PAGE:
Retire Smart – 7 simple ways to reduce your tax

Paying a penny more in tax than you need to is always something to avoid, but in retirement it can be particularly painful.

Your resources and the income they can generate are finite, and letting the taxman take too large a share can affect every aspect of your life. 

Inflation means that many more of us are finding our retirement incomes are large enough to attract the taxman’s attention, and the problem may get worse.

Analysis of Office for Budget Responsibility (OBR) forecasts reveal that under the triple lock promise the new state pension is expected to rise from just over £11,500 next year to around £12,800 in 2028 – meaning it crosses the personal allowance tax threshold, which is set to remain at £12,570 until 2028.

That means it doesn’t take much of a private pension to get a tax bill in retirement. Almost all of us will be paying tax on our pensions.

At Continuum we’re looking at ways to reduce the share of your retirement wealth the taxman can take. 

1. Watch your tax bracket

All pension income, including the state pension, is taxable. It’s therefore important to consider all forms of income you receive – including state pension payments, rental and dividend income – in case it pushes you into a higher tax bracket. 

Remember, pension income is taxable under the current income tax rules although annual income up to £12,570 is tax-free for tax year 2023/2024.

Basic rate                    £12,571 to £50,270 you pay tax at 20%

Higher rate                  £50,271 to £125,140  you pay tax at 40%

Additional rate            over £125,140 you pay tax at 45%

If you use drawdown and only take out as much money as you need to fund the lifestyle you want, you may be able to keep within – or even under – the tax thresholds.

2. Remember your personal tax allowances

If your income is less than the personal tax allowance (£12,570) you won’t pay any income tax.  £12,570 is not a great deal of money these days, especially as the full state pension already takes you to £10,600.20 a year. 

If you have a spouse or civil partner you can share the tax burden. If they have no income, or are in a lower bracket, you may be able to cut your household’s overall income tax bill.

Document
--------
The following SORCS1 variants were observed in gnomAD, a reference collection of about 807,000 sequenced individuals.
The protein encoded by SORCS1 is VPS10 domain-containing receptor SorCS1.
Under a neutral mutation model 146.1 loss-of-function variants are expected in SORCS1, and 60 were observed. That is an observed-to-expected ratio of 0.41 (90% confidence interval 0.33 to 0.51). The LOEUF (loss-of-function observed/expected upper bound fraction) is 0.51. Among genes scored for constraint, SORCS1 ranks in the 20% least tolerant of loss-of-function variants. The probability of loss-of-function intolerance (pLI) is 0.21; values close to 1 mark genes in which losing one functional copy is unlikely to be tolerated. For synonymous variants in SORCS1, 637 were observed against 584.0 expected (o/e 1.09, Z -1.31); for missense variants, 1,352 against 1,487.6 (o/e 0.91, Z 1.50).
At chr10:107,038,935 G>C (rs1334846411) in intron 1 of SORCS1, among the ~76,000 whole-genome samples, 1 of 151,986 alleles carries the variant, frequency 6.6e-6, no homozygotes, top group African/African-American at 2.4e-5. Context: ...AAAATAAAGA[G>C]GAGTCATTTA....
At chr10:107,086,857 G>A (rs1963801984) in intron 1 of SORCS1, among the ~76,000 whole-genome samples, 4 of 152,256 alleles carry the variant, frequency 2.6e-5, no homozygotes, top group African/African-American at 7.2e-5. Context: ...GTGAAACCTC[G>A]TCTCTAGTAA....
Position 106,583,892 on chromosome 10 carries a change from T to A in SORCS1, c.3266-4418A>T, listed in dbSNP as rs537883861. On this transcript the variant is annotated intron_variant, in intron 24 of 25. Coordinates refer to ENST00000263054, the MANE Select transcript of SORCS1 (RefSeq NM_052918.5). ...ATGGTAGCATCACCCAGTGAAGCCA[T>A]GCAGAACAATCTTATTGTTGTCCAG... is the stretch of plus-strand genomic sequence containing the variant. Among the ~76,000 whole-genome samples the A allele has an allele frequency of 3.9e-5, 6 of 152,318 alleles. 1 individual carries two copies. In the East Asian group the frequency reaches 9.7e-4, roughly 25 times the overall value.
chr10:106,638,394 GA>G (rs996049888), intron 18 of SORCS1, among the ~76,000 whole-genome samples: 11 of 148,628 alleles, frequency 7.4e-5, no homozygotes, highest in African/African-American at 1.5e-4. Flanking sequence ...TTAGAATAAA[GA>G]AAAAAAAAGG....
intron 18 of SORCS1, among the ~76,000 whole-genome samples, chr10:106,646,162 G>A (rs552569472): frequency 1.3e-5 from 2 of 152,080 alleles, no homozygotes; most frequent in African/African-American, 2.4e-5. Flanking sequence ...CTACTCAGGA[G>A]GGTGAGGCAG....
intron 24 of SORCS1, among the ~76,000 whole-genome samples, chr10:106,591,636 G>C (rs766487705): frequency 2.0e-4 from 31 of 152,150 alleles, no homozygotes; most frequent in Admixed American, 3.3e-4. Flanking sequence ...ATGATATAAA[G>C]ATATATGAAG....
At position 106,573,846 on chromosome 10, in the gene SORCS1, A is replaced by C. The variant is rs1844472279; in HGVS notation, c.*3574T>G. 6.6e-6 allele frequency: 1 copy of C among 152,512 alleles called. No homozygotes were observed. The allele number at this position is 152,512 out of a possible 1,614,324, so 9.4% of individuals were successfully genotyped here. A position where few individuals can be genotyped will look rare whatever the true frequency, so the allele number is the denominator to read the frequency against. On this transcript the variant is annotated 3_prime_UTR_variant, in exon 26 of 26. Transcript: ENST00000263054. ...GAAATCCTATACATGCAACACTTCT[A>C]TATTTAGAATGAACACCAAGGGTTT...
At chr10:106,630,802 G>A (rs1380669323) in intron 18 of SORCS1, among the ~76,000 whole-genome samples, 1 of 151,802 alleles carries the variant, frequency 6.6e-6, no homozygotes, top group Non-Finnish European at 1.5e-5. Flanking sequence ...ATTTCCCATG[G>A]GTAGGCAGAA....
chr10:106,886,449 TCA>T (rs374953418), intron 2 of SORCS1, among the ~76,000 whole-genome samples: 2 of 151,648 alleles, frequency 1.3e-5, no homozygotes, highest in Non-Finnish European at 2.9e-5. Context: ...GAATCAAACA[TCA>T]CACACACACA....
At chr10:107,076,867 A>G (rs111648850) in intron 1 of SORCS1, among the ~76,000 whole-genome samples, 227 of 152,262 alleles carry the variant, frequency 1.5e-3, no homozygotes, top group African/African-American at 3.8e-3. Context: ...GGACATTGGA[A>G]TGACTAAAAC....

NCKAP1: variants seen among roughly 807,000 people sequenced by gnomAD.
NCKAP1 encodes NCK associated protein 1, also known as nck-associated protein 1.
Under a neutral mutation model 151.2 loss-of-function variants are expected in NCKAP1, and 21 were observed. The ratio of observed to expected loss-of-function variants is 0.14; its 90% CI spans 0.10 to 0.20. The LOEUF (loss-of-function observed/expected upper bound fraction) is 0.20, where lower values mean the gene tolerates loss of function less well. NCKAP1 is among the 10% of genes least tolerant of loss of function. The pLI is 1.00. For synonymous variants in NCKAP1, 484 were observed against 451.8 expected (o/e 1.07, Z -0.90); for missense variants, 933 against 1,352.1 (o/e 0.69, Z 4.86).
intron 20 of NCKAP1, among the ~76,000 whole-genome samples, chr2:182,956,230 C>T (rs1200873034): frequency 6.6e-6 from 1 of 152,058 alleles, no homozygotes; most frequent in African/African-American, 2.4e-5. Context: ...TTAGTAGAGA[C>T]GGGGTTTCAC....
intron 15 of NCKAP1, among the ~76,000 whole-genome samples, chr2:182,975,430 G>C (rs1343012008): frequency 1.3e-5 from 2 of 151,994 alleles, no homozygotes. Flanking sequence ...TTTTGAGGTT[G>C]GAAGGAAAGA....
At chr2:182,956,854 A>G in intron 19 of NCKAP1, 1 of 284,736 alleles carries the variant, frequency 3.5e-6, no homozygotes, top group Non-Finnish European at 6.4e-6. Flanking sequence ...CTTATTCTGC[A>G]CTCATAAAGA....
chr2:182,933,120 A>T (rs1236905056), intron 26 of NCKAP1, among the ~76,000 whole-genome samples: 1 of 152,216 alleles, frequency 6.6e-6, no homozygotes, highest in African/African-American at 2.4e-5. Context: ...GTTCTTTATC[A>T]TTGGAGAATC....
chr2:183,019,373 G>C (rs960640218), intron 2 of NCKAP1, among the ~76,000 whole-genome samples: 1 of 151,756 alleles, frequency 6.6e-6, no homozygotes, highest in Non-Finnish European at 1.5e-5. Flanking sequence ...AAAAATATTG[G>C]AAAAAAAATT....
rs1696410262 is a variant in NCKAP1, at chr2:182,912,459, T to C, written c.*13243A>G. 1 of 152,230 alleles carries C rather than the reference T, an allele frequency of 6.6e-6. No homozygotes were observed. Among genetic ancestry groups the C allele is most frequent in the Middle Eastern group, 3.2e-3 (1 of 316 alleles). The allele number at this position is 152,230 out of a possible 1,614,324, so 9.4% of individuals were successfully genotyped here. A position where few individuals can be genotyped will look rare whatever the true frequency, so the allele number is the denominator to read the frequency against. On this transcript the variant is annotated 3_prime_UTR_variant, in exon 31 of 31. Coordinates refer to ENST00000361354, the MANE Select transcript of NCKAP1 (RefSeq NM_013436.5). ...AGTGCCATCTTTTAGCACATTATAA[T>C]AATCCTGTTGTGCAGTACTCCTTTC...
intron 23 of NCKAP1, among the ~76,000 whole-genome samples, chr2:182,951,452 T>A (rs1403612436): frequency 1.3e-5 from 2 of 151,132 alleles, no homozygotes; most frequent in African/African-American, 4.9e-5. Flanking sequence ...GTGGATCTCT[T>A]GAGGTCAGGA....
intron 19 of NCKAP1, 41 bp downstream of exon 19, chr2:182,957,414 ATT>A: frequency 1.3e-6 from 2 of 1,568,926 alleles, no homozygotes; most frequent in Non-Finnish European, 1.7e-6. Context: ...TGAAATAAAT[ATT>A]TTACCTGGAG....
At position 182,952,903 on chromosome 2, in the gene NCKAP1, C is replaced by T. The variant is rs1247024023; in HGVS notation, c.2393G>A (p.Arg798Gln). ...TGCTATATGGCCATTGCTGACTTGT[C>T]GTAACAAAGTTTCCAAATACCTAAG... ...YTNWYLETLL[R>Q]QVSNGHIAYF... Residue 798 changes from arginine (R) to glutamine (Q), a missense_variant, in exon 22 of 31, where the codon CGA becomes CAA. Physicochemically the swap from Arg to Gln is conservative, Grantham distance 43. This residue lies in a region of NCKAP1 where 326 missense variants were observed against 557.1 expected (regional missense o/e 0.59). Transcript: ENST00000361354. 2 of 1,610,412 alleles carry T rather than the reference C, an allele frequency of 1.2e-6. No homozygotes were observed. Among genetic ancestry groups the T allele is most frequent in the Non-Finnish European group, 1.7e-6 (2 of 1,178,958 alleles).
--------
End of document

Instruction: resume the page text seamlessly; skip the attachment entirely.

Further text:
3. Don’t rush into withdrawing your money

Pensions pots will continue to grow when you’ve reached retirement. So if you don’t need to dip into yours for a few months or years, you could be better off.

Delaying taking your pension income will help it to last longer and allow you to continue making higher tax-free contributions if you are still working.

Not only do you enjoy the potential for continued growth, you avoid a tax penalty. 

Taking income through drawdown while you’re still working and saving into the pension will limit the amount you can continue to save tax efficiently. Currently, most people can pay in up to £60,000 into pensions each tax year and enjoy tax relief. But once you withdraw you trigger the Money Purchase Annual Allowance or MPAA. Once this is imposed, you are limited to contributions of just £10,000 a year.

4. Use your ISA savings first

ISA investment can be used to provide a retirement income. It won’t affect your tax-free contributions if you’re continuing to save into your pension.

If you can draw a regular income from ISA savings, it can top up your income when moving from full-time work to reduced hours before full retirement. 

ISA withdrawals are tax-free, but there may be penalties with fixed-term ISAs. With Lifetime Isas, you’ll need to be over 60 to enjoy penalty-free withdrawals. If you are taking early retirement under this this, you’ll lose 25% of what you withdraw.  

5. Take your pension tax-free cash sum 

From the age of 55 you can usually take up to 25% of your pension fund tax-free. This is limited to a maximum of 25% of your available Lifetime allowance which is currently £1,073,100. 

6. Cash in small pension pots 

You may have several small pension pots, often from pension schemes of employers you only worked with for a short while. You may be able to cash in up to three small pension pots – that is, those containing savings of less than £10,000.

7. Get some expert help

The tax rules and regulations are complex, and it may be easy to fall into a trap that leaves you liable to pay tax that you could have avoided.

Fortunately, it is also easy to get the expert help you need to steer around those tax traps.

Simply call us at Continuum.

The information contained in this article is based on the opinion of Continuum and does not constitute financial advice or a recommendation to suitable retirement strategy, you should seek independent financial advice before embarking on any course of action.

Levels and basis of reliefs from taxation are subject to change and depend upon your personal circumstances.

By incurring a Lifetime ISA Government withdrawal charge you may get back less than you paid in.

By saving in a Lifetime ISA instead of qualifying pension scheme you could lose contributions by your employer, if any.

Saving in a Lifetime ISA may affect your entitlement to current and future means tested benefits. 

A pension is a long-term investment, the fund value can go down as well as up and this can impact the level of pension benefits available. Pension Income could also be affected by interest rates at the time benefits are taken.

Accessing pension benefits early is not suitable for everyone. You should seek advice to understand your options at retirement.

Accessing pension benefits early may impact on levels of retirement income and your entitlement to certain means tested benefits.

The Financial Conduct Authority does not regulate taxation advice.

Why it no longer pays to save for your own retirement (

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